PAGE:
Once upon a time, law firms that operated in New York housed their companies in downtown Manhattan, near to the financial center, which was instrumental in the creation of the great majority of their business. Such law firms began to move away from Manhattan in order to set up business in midtown during the 1980s. Firms began renting beautiful offices in new buildings located on Third Avenues and Lexington, or offices situated in the West 40s and 50s. Anyone who walks down the Avenue of the Americas these days gets a tour of AmLaw 100.
Laura Kusisto from the Wall Street Journal, however, says that the trend toward relocation to midtown may now be changing, with law firms attempting to save as much money as they possibly can. One method of doing so is to cut back on office leases. Law firms are now looking at downtown office spaces as well further west in the city.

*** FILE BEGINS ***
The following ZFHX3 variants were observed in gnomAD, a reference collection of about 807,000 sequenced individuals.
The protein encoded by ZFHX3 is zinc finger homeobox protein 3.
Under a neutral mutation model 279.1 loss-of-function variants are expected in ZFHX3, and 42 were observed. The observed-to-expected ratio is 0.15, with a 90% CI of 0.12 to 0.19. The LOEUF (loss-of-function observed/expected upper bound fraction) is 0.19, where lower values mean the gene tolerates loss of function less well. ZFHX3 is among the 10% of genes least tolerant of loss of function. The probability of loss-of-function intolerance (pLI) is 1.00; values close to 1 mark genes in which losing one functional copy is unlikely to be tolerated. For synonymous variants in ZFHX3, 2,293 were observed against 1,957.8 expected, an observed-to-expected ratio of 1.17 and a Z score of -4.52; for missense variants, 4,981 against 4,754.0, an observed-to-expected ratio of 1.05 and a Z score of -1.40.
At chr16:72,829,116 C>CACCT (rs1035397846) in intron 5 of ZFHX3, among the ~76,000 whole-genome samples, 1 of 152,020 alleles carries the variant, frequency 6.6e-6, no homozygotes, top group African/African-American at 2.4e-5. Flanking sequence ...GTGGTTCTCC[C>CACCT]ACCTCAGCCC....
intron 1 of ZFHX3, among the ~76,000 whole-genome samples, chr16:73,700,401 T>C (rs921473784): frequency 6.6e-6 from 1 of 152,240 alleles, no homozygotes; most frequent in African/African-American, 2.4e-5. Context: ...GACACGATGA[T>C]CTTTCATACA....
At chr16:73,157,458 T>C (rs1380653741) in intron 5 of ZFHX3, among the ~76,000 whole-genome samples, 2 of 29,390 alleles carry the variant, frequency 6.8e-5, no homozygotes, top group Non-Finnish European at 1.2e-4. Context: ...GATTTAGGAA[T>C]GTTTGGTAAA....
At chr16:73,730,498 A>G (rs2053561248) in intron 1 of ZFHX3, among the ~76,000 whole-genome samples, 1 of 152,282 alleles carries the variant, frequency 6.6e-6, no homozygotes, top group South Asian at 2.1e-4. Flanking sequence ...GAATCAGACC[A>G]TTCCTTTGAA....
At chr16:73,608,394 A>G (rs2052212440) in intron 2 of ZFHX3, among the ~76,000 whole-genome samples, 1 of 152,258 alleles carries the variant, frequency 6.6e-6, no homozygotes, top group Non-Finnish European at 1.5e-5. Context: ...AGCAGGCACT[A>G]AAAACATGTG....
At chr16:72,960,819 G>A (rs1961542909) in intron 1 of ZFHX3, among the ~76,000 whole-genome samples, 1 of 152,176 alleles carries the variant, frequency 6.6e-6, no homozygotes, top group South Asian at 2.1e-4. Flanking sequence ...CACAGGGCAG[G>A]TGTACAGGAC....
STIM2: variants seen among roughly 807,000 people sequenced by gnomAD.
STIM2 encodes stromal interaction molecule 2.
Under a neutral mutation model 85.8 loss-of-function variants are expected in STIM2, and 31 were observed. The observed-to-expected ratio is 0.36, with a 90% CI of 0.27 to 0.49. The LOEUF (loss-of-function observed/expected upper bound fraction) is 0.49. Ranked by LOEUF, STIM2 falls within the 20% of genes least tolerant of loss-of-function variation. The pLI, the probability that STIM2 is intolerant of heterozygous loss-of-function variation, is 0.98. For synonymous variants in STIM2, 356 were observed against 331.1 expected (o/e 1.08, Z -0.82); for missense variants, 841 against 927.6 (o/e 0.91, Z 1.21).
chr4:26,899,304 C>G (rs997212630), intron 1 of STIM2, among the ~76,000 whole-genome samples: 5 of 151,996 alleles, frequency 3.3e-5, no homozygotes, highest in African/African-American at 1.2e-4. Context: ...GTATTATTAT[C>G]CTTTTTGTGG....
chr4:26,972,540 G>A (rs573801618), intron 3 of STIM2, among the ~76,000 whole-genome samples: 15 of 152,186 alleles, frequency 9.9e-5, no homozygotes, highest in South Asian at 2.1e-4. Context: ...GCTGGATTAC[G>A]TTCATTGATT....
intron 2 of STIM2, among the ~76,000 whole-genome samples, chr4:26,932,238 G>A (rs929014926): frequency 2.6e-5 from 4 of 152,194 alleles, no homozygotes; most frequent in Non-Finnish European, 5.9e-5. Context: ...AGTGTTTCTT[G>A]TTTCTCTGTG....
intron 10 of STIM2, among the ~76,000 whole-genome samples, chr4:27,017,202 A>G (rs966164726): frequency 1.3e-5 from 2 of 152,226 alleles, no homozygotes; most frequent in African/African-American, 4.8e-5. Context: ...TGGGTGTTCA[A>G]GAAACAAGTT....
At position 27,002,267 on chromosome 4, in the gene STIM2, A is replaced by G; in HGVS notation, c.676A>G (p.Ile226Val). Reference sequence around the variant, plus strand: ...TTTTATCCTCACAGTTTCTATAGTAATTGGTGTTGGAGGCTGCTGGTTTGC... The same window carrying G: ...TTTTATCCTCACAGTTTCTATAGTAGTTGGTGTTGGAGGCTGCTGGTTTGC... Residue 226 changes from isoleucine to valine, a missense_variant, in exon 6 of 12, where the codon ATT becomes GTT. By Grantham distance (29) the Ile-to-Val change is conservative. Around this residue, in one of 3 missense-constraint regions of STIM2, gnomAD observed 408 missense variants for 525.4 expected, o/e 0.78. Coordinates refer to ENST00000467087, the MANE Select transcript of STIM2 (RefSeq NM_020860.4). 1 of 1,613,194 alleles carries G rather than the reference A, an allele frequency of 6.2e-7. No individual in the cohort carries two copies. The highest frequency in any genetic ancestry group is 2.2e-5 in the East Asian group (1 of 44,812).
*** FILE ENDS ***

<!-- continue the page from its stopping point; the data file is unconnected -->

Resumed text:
“Law firms don’t like to pay too much for office space because even junior associates expect offices, and because rent money comes out of the partners’ pockets,” said Kusisto. “Now other large firms are looking downtown … for cheaper rents and the benefits of being in new construction.”
Wilmer Cutler Pickering Hale and Dorr LLP moved its offices downtown last month to 7 World Trade Center after having spent 13 years in midtown. Other firms that have new leases include Proskauer Rose LLP and Morrison & Foerster LLP.